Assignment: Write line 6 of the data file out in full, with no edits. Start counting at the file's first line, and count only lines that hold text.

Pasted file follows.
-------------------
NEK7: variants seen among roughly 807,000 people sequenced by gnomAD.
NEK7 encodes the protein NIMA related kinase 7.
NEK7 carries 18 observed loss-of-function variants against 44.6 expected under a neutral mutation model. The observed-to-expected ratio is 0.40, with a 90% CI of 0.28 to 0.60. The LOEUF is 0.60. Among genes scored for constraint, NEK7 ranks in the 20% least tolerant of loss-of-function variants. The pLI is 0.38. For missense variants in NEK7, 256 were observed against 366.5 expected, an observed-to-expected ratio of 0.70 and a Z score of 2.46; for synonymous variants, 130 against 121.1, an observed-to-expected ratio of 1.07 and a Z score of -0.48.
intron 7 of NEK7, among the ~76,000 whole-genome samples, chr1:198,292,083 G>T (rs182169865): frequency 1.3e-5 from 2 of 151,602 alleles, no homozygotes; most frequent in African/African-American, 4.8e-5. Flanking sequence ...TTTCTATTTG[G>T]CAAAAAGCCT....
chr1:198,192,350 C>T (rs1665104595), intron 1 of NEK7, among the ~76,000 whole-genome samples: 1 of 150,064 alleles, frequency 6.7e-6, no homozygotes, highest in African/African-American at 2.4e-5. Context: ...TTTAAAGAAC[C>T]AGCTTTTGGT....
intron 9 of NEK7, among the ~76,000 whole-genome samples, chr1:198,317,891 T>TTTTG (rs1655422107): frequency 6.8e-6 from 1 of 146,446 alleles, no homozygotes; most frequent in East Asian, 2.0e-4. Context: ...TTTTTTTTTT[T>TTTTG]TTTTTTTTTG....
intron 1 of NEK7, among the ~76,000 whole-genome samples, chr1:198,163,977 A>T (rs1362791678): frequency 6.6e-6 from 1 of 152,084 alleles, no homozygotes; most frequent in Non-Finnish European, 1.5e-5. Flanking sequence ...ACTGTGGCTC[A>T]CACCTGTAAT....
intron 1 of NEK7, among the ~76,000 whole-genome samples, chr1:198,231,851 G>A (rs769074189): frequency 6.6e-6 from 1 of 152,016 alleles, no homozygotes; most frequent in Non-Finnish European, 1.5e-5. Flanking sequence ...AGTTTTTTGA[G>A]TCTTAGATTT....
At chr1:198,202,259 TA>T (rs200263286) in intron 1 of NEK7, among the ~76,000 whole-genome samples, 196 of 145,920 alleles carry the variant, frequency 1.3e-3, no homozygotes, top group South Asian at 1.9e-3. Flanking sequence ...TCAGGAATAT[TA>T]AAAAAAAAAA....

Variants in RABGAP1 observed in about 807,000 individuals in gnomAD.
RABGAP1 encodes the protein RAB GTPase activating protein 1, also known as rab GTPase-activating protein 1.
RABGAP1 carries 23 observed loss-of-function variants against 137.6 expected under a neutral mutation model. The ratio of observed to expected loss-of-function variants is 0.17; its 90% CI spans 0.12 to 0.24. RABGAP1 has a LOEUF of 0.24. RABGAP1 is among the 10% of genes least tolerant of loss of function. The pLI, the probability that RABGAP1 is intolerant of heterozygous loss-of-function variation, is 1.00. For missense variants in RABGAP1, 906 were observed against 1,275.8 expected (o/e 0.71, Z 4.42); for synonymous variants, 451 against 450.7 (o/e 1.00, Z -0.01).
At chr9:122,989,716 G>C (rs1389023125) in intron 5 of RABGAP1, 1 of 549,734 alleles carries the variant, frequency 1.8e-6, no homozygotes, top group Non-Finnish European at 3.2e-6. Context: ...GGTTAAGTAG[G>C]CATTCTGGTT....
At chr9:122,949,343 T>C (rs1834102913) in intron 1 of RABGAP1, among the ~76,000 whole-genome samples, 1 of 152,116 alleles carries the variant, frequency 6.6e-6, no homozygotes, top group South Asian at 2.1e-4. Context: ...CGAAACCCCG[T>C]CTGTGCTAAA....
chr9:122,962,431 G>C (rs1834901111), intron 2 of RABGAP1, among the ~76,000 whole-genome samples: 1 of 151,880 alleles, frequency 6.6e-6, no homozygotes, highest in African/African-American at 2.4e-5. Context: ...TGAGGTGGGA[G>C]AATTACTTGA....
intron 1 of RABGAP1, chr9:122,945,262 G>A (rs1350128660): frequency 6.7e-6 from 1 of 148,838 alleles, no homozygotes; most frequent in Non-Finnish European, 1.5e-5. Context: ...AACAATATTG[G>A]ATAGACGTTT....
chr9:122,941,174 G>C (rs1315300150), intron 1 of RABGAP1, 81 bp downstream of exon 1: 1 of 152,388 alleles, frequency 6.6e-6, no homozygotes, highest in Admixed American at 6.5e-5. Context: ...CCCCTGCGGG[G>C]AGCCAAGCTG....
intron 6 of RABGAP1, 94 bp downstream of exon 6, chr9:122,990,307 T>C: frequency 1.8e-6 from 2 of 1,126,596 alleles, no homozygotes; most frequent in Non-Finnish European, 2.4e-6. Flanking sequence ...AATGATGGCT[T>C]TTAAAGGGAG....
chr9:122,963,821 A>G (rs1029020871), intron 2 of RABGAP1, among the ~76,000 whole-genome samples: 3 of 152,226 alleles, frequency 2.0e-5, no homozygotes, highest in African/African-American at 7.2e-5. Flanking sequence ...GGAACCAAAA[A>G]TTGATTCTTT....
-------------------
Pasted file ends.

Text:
intron 9 of NEK7, among the ~76,000 whole-genome samples, chr1:198,317,891 T>TTTTG (rs1655422107): frequency 6.8e-6 from 1 of 146,446 alleles, no homozygotes; most frequent in East Asian, 2.0e-4. Context: ...TTTTTTTTTT[T>TTTTG]TTTTTTTTTG....